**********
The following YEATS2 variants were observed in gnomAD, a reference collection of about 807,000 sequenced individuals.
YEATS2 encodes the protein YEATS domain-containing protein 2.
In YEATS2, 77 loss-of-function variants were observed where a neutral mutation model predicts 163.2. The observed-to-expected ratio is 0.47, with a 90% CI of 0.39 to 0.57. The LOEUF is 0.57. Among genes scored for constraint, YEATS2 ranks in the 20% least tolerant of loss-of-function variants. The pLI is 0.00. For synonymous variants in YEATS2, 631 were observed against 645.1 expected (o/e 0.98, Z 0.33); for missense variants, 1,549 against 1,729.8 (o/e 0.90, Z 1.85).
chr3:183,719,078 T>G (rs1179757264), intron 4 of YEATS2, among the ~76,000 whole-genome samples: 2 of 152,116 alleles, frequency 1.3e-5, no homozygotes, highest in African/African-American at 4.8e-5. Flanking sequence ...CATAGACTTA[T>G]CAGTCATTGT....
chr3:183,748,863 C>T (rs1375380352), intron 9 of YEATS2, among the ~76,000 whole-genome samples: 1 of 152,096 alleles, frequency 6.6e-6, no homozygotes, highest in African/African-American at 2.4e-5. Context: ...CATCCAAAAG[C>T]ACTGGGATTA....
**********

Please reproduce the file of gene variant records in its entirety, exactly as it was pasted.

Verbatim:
The following YEATS2 variants were observed in gnomAD, a reference collection of about 807,000 sequenced individuals.
YEATS2 encodes the protein YEATS domain-containing protein 2.
In YEATS2, 77 loss-of-function variants were observed where a neutral mutation model predicts 163.2. The observed-to-expected ratio is 0.47, with a 90% CI of 0.39 to 0.57. The LOEUF is 0.57. Among genes scored for constraint, YEATS2 ranks in the 20% least tolerant of loss-of-function variants. The pLI is 0.00. For synonymous variants in YEATS2, 631 were observed against 645.1 expected (o/e 0.98, Z 0.33); for missense variants, 1,549 against 1,729.8 (o/e 0.90, Z 1.85).
chr3:183,719,078 T>G (rs1179757264), intron 4 of YEATS2, among the ~76,000 whole-genome samples: 2 of 152,116 alleles, frequency 1.3e-5, no homozygotes, highest in African/African-American at 4.8e-5. Flanking sequence ...CATAGACTTA[T>G]CAGTCATTGT....
chr3:183,748,863 C>T (rs1375380352), intron 9 of YEATS2, among the ~76,000 whole-genome samples: 1 of 152,096 alleles, frequency 6.6e-6, no homozygotes, highest in African/African-American at 2.4e-5. Context: ...CATCCAAAAG[C>T]ACTGGGATTA....